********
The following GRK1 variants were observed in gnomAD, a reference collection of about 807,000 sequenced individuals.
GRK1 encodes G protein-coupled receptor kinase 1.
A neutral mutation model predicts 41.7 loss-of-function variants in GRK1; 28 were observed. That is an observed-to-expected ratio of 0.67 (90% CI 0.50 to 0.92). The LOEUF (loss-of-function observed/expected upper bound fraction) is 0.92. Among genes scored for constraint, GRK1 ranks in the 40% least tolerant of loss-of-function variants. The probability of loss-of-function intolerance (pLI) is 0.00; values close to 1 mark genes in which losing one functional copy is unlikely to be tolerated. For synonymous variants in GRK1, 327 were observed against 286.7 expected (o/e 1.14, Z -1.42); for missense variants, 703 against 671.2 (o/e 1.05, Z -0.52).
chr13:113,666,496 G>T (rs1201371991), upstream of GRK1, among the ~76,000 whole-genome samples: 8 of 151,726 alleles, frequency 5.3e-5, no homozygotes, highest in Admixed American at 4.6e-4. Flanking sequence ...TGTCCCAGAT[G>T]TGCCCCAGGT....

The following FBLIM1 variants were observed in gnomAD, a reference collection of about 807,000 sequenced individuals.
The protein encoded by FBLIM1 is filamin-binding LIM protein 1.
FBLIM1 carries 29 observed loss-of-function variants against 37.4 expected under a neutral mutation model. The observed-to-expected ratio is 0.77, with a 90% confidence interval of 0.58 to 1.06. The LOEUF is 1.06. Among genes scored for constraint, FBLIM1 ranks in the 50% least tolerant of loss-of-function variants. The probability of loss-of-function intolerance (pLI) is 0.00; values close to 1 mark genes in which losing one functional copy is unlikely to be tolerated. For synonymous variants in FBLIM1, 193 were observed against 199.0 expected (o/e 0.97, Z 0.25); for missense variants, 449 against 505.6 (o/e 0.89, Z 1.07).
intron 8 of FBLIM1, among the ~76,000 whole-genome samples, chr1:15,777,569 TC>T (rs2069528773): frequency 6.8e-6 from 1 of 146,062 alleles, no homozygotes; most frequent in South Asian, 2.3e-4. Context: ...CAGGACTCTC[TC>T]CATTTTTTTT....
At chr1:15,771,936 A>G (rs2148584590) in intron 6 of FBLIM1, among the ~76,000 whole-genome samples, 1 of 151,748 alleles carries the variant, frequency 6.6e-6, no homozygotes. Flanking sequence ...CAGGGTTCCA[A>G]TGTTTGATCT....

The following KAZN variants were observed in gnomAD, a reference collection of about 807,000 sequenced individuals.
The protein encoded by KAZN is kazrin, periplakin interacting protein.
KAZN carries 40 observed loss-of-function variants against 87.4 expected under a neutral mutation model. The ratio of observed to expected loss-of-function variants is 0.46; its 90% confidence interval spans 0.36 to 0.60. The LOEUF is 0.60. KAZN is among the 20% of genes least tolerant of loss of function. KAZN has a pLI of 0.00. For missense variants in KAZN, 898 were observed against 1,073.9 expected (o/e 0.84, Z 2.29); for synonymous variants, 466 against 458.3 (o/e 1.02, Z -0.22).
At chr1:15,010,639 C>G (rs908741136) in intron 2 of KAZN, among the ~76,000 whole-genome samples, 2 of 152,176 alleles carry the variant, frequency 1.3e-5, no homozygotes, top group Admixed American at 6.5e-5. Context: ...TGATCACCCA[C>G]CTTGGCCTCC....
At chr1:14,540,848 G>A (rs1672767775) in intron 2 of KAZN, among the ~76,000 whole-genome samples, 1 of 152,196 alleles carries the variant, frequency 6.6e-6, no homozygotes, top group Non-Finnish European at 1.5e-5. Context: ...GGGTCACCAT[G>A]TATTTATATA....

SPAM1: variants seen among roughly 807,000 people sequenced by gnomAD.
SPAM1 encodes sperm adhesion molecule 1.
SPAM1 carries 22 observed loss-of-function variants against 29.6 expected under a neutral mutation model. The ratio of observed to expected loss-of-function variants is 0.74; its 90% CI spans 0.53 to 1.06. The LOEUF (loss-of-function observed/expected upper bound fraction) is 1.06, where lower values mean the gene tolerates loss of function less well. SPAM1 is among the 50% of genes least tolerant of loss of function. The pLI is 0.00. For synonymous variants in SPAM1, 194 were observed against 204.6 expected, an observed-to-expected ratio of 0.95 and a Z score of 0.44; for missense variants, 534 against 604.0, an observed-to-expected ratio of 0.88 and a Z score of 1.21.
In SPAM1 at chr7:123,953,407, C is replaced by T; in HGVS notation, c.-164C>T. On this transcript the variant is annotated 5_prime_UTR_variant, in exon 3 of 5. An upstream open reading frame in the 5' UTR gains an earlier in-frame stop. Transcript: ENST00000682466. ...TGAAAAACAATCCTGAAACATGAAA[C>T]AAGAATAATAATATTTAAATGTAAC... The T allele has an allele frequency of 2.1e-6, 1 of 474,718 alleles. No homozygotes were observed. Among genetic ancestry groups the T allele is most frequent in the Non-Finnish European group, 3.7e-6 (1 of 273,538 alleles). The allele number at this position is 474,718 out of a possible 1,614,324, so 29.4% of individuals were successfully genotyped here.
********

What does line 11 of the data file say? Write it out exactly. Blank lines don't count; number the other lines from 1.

The protein encoded by KAZN is kazrin, periplakin interacting protein.